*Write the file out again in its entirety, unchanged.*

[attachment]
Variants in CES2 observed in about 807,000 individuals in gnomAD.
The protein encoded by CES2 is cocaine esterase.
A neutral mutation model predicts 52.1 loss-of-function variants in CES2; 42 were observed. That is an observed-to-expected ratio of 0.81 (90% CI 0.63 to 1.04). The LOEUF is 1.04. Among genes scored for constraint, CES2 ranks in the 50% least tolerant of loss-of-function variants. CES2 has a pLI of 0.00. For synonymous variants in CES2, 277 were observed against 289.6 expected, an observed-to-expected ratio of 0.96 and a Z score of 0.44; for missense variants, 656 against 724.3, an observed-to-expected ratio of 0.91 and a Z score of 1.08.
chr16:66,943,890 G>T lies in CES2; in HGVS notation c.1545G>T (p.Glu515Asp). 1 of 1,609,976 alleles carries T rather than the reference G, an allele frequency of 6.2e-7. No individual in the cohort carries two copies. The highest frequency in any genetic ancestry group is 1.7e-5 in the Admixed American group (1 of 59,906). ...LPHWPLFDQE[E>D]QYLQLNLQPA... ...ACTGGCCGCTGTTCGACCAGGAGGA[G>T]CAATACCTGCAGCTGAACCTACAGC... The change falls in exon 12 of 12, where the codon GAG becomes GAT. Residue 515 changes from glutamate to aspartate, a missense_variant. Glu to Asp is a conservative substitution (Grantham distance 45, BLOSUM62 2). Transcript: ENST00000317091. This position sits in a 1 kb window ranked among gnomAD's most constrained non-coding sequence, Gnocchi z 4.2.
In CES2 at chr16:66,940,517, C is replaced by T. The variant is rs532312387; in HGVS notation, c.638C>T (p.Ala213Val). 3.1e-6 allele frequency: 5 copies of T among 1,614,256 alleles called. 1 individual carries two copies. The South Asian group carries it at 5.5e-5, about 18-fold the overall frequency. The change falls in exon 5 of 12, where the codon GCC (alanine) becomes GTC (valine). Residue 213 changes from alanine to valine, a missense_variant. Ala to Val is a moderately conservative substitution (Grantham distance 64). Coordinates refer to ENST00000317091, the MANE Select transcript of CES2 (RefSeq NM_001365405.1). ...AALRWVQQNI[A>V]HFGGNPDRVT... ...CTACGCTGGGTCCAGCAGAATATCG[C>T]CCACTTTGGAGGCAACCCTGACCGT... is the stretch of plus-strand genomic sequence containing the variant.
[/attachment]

Variants in CES2 observed in about 807,000 individuals in gnomAD.
The protein encoded by CES2 is cocaine esterase.
A neutral mutation model predicts 52.1 loss-of-function variants in CES2; 42 were observed. That is an observed-to-expected ratio of 0.81 (90% CI 0.63 to 1.04). The LOEUF is 1.04. Among genes scored for constraint, CES2 ranks in the 50% least tolerant of loss-of-function variants. CES2 has a pLI of 0.00. For synonymous variants in CES2, 277 were observed against 289.6 expected, an observed-to-expected ratio of 0.96 and a Z score of 0.44; for missense variants, 656 against 724.3, an observed-to-expected ratio of 0.91 and a Z score of 1.08.
chr16:66,943,890 G>T lies in CES2; in HGVS notation c.1545G>T (p.Glu515Asp). 1 of 1,609,976 alleles carries T rather than the reference G, an allele frequency of 6.2e-7. No individual in the cohort carries two copies. The highest frequency in any genetic ancestry group is 1.7e-5 in the Admixed American group (1 of 59,906). ...LPHWPLFDQE[E>D]QYLQLNLQPA... ...ACTGGCCGCTGTTCGACCAGGAGGA[G>T]CAATACCTGCAGCTGAACCTACAGC... The change falls in exon 12 of 12, where the codon GAG becomes GAT. Residue 515 changes from glutamate to aspartate, a missense_variant. Glu to Asp is a conservative substitution (Grantham distance 45, BLOSUM62 2). Transcript: ENST00000317091. This position sits in a 1 kb window ranked among gnomAD's most constrained non-coding sequence, Gnocchi z 4.2.
In CES2 at chr16:66,940,517, C is replaced by T. The variant is rs532312387; in HGVS notation, c.638C>T (p.Ala213Val). 3.1e-6 allele frequency: 5 copies of T among 1,614,256 alleles called. 1 individual carries two copies. The South Asian group carries it at 5.5e-5, about 18-fold the overall frequency. The change falls in exon 5 of 12, where the codon GCC (alanine) becomes GTC (valine). Residue 213 changes from alanine to valine, a missense_variant. Ala to Val is a moderately conservative substitution (Grantham distance 64). Coordinates refer to ENST00000317091, the MANE Select transcript of CES2 (RefSeq NM_001365405.1). ...AALRWVQQNI[A>V]HFGGNPDRVT... ...CTACGCTGGGTCCAGCAGAATATCG[C>T]CCACTTTGGAGGCAACCCTGACCGT... is the stretch of plus-strand genomic sequence containing the variant.